During Monday evening’s Burlington City Council meeting, the head of the Chittenden Solid Waste District presented its fiscal 2020 budget proposal. Some of the city’s representatives were concerned about fee increases planned by the district.
The Chittenden Solid Waste District manages the garbage produced in the 18 towns and cities across Vermont’s largest county. According to its proposed 2020 budget, drop off centers will raise tipping fees and implement “several modest fee increases.”
Burlington City Council Ward 2 Progressive Max Tracy chairs the Transportation, Energy and Utility Committee. “What we really focused in on at the committee level was the issue of increases in and changes in the composting program as well as the increases in tip fees for recycling and really engaging in a debate and a conversation around whether it was appropriate for those to be going up but not to be seeing a commensurate or not seeing that necessarily balanced out by trash.”
Chittenden Solid Waste District Executive Director Sarah Reeves told councilors there is an adjustment between trash and user fees. “We are raising fees on trash. What we are not raising is the trash tax. That is separate from the fees that we charge at the drop off centers. The fees that we charge at the drop off centers are going up. Burlington’s a little different because the drop off centers charge by the pound so that fee is going up from 19 cents per pound to 21 cents per pound on trash. But at the other drop off centers we pay by the bag. The 18 gallon bag is being increased by 25 cents. The 33 gallon bag is being increased by 50 cents and there are other fees that are also increasing.”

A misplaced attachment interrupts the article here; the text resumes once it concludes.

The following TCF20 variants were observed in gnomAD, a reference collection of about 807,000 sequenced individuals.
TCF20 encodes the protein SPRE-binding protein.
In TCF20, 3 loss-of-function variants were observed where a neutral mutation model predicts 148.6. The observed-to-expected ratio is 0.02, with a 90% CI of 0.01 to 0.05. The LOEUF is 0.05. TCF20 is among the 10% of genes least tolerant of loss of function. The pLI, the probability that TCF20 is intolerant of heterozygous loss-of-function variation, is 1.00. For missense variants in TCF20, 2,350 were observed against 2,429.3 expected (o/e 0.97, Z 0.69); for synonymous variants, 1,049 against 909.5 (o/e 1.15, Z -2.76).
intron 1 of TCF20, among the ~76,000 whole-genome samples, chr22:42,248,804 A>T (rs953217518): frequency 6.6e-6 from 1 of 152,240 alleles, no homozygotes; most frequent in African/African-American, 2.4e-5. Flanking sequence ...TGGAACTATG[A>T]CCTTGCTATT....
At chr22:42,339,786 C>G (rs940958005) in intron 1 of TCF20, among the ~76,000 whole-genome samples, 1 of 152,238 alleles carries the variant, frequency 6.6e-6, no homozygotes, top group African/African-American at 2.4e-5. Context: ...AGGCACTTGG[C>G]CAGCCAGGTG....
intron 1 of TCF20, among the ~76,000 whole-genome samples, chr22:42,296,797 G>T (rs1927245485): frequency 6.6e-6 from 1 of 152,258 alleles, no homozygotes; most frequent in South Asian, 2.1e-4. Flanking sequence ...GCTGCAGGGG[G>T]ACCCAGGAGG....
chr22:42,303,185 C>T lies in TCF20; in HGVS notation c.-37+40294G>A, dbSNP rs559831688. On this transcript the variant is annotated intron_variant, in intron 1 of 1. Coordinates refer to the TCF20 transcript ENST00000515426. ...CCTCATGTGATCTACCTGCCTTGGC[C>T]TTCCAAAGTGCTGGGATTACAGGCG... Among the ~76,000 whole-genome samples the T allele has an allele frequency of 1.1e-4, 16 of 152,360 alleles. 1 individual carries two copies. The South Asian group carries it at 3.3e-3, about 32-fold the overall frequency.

East District Progressive Councilor Jack Hanson was also not comfortable with the waste district’s budget proposal. “We’re at a point where waste is increasing and the number one goal of CSWD (Chittenden Solid Waste District) is to reduce waste. I am not compelled that this budget carries that out. And I also have a serious concern around when we have mandatory compost coming just next year we’re now increasing the tipping fees on composting ahead of that.”
Ward 1 Independent Councilor Sharon Foley Bushor wanted to know what the status of the waste district budget with partner communities. “Have you presented to any other communities and have you gotten any yeses to the budget? Where are you in this process?”
Reeves: “I have to visit 18 communities and I have visited four.”
Burlington Mayor Miro Weinberger was taken aback by the debate over the waste district budget. “I’m struggling to remember a time in the last seven years when we’ve seen anything like this debate plan out. I don’t think it’s right. I don’t think it’s fair. It’s not the way Burlington should be engaging with our other municipalities. To be considering voting against funding this vital government function just seems totally unfair. And to be now at the last minute suggesting that Burlington is not support the budget I just think would send entirely the wrong message to our municipal partners.”
Ward 5 Democratic Councilor Chip Mason agreed with the mayor. “I heard the economics apparently differently than those on the other side of the table. I mean the cost of recycling the cost of composting is going up. They’ve been subsidized for an inordinate amount of time. We’re in a different world so I think unfortunately this is the new reality and I don’t think sending a message that we’re not going to approve your budget this is not in my estimation the appropriate time to do that and I’ll be supporting this budget.”
City Councilors passed the Chittenden Solid Waste District budget on a 9 to 3 vote.